The Orbiting Carbon Observatory (OCO) mission (Crisp, D., et al., Adv. Space Res., 34, 700-709, 2004) will make the first global, space-based measurements of atmospheric CO2 with the precision and coverage needed to characterize CO2 sources and sinks on regional scales. During its 2-year mission, OCO will fly in a sun-synchronous orbit with a 16-day ground-track repeat time, just ahead of the EOS Aqua platform. OCO incorporates three bore-sighted high-resolution spectrometers (δν ≈ 0.3 cm-1) to measure reflected sunlight in the O2 A-band (0.76 μm) and two CO2 bands at 1.61 and 2.06 μm, respectively. Each sounding recorded in these three bands will be analyzed simultaneously to retrieve the column-averaged CO2 dry air mole fraction (XCO2) with a retrieval algorithm that incorporates an atmospheric radiative transfer model, an instrument simulator model, and an inverse method (Bösch, H., et al. J. Geophys. Res., 111, D23302, doi:10.1029/2006JD007080, 2006). In order to verify and improve the space-based CO2 measurements, the OCO project incorporates a comprehensive validation program based on ground-based Fourier Transform Spectrometers (FTS) measuring direct sunlight. These high-resolution measurements (δν = 0.011 cm-1; OPD = 45 cm) are ideally suited to OCO validation since their vertical sensitivities are very similar and the same O2 and CO2 absorption bands are used. As an important part of this strategy, solar-absorption spectra will be simultaneously acquired at JPL by an FTS and the OCO spectrometers during its first calibration tests planned in September, 2007. These measurements will be analyzed using the OCO retrieval algorithm as well as GFIT (an algorithm designed specifically for FTS analysis.) We will discuss the planned validation exercise (e.g., FTS vs OCO spectrometry, XCO2 inter-comparison), the solar-absorption measurement and present first results of the OCO instrument line shape (ILS) and the retrieved XCO2.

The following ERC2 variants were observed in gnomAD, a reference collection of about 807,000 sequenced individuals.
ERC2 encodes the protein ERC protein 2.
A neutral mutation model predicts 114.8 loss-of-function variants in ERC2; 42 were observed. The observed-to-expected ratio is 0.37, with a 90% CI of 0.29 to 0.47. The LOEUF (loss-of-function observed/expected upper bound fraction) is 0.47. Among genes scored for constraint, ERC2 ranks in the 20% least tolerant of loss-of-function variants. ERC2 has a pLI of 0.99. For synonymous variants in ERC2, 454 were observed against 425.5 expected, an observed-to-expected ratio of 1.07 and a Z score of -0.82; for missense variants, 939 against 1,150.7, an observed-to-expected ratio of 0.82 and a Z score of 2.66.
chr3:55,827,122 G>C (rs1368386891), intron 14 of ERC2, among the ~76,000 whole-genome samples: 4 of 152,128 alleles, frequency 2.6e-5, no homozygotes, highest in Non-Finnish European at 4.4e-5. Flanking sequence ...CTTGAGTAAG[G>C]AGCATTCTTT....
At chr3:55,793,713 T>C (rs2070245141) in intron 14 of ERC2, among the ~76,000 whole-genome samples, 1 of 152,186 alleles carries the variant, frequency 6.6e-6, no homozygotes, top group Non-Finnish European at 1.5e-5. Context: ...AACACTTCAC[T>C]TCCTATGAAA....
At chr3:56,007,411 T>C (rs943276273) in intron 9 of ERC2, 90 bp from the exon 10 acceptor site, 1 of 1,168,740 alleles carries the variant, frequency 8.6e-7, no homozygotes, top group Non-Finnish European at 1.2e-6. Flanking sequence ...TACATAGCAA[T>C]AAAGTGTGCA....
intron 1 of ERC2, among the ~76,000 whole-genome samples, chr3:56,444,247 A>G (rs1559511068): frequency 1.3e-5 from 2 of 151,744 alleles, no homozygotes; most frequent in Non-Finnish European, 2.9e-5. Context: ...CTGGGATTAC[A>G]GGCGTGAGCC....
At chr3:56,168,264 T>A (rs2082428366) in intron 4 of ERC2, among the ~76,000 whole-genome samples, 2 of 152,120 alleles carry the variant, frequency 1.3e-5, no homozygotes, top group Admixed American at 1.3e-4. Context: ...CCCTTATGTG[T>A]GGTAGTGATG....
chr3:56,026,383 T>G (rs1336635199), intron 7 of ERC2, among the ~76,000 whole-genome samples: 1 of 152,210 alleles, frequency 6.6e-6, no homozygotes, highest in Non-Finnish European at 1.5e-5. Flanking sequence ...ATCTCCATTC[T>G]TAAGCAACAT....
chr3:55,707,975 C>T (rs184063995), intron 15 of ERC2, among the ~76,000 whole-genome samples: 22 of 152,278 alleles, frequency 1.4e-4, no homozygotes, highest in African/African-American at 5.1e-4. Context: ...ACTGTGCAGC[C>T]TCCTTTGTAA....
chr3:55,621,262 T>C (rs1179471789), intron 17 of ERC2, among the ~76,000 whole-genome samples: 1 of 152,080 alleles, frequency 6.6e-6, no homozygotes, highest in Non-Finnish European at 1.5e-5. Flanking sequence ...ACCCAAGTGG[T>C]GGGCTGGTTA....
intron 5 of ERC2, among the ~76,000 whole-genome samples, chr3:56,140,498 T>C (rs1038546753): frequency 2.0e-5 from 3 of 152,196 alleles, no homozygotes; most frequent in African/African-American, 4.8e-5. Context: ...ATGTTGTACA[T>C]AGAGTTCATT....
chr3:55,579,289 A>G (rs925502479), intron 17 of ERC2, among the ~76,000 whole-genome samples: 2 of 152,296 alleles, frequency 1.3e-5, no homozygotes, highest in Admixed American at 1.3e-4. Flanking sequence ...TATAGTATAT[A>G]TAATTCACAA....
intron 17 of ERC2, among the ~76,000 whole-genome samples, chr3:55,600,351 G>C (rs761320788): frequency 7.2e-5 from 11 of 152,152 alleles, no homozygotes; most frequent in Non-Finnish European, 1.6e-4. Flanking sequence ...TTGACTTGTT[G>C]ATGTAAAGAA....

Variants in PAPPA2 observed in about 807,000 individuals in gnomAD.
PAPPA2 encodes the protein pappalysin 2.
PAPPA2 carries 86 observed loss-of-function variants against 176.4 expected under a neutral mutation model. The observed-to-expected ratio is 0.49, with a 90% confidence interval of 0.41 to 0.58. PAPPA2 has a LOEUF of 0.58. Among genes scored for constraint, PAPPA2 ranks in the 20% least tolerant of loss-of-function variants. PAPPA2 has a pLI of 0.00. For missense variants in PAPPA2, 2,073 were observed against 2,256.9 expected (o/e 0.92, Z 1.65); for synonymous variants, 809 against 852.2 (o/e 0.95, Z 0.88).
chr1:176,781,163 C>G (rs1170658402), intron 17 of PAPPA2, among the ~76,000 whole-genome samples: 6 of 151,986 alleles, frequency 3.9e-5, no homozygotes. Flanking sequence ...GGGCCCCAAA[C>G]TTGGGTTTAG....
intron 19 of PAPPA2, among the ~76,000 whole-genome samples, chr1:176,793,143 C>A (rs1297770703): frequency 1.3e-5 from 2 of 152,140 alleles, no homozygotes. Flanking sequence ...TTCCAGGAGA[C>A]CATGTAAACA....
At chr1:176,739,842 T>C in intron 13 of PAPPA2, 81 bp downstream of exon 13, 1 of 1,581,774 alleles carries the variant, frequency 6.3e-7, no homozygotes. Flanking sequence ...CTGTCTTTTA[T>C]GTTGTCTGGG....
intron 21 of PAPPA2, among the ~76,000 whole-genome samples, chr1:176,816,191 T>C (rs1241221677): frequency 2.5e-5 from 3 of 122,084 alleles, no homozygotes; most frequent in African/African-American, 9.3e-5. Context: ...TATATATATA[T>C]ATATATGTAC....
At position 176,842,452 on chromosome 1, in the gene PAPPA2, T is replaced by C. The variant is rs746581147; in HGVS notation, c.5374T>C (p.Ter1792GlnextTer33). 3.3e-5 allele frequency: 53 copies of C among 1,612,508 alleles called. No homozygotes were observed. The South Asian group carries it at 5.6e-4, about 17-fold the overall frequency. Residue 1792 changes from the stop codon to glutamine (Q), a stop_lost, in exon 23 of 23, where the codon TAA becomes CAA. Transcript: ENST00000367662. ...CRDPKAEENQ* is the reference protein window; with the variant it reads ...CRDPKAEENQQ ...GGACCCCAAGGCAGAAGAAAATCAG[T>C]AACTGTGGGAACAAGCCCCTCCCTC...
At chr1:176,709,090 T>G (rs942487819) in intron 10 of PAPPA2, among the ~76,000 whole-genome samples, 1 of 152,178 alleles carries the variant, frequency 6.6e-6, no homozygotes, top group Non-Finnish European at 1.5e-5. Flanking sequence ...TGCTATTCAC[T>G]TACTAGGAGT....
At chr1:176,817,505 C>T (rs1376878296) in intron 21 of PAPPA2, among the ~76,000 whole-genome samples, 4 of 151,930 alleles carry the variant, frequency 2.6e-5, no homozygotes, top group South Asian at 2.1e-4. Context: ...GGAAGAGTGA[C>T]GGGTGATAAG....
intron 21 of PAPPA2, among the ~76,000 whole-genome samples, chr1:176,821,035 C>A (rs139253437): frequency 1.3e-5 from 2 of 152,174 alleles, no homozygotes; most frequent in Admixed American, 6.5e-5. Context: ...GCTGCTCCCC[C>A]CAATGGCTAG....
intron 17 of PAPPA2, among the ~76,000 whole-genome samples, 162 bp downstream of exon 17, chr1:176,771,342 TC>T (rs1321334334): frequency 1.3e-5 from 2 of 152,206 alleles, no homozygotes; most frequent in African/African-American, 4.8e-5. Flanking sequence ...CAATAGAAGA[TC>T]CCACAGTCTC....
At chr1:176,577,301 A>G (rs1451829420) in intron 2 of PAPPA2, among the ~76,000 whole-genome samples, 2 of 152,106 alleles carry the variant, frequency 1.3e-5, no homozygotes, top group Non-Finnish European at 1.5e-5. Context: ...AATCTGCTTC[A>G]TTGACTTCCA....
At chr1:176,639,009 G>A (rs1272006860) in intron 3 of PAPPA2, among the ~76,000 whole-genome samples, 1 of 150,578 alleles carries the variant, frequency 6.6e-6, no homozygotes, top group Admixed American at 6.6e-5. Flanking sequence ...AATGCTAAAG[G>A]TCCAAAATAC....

AGU Fall Meeting Abstracts
- Pub Date:
- December 2007
- 0394 Instruments and techniques;
- 1640 Remote sensing (1855)